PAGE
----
Reno managed to corral the $15M needed to extend sewer service partway, but not into Verdi proper.  That will be a $4M future phase to allow the original goals of the project.  The sewer extension runs past the River Inn on 4th (who will tie in if development ever occurs), along the railroad tracks, then along Old US 40 (now called W. 3rd Street), to west of the existing River Oaks subdivision, under the river, then south to Boomtown and Cabela’s.  The private sewer system at River Oaks failed a couple of years ago, and they were allowed to tie into the new system at $7000 per house.  Other than that, the Lawton Verdi sewer extension services exactly 2 properties – Boomtown who removed their existing private system for additional development area, and Cabela’s.  Planning Area 1 (Mortensen) would be able to tie into the sewer, but there will still be a lot of work and expense to extend it to Santerra Planning Area 3.

TOD doesn’t always mean time of death.  In this case it stands for Transit Oriented District. Reno has created several of these, the latest being the W 4th Street TOD.  The concept is noble – focus development along corridors and increases density so that mass transit can be sustained.  Reno’s version not only suggests but demands density.  I can’t find the actual legislation right now, but I remember it as a fascinating read.  But W 4th Street as a TOD?  Talk a look at the plan.  You can make a case for downtown to McCarran, but there is almost no usable land west of that to the district end at the River Inn.  We are aways constrained by the river, railroad and I-80 on the west side.  The one project that tried to use the TOD zoning was crushed by neighborhood opposition (Bluff Courts Apartments) on zoning technicalities.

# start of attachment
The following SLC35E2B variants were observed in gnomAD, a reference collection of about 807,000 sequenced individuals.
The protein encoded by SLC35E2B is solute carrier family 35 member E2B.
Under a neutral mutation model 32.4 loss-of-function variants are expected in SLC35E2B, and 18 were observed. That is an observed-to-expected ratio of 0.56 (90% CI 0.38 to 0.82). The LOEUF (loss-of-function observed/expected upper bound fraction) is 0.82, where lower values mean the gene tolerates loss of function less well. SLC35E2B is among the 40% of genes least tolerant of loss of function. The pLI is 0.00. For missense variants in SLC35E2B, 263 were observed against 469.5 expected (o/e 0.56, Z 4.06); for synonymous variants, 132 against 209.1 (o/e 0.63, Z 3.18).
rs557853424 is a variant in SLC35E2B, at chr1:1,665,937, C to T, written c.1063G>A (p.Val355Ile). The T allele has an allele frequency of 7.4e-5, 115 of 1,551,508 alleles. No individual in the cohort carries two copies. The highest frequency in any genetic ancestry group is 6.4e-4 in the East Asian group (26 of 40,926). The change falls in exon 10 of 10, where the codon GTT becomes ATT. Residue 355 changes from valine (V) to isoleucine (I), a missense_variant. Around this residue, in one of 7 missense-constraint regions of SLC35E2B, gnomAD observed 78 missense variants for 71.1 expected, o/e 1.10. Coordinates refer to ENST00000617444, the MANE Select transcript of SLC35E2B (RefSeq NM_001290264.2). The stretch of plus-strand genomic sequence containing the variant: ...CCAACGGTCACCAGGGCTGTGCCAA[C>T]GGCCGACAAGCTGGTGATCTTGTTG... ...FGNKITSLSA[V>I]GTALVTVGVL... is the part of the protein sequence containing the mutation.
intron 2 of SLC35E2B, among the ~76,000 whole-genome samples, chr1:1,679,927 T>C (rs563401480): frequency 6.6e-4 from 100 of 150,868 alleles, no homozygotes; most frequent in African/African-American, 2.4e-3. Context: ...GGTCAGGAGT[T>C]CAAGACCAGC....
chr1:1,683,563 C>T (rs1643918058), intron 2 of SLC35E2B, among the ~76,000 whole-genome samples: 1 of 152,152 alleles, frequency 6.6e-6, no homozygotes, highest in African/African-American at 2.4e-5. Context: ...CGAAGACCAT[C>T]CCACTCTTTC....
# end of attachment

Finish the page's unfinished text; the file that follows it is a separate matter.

So as iffy as the W 4th Street TOD is, Reno is trying to extend it to the state line in the Gold Ranch area and the Gateway Plan.  The TOD has to get on the freeway for a couple of miles, since it can’t go through Verdi proper.  The Verdi Area Plan  is diametrically opposed to EVERYTHING Reno’s TOD stands for.  Verdi wants cute western and no development, Reno wants a transit hub on the border.  It is interesting that all of Reno’s TOD legislation has had to incorporate the Mortensen – Garson development agreement in toto:  any deviation would open the entire development agreement up to scrutiny again, and that would get ugly and expensive, and embarrassing to a lot of prominent people.

So I actually applaud Reno for looking at what the Western Gateway should be.  Unfortunately, their vision only extends to what they can easily manipulate for presumed property tax gains, and not what the Quilici meadows will look like as an industrial park.  Santerra and the entirety of the Moretensen-Garson plan will someday come to pass.  I hope we can all take this break caused by the depressed real estate market to step back and really think what the Western Gateway to Reno should grow up to be.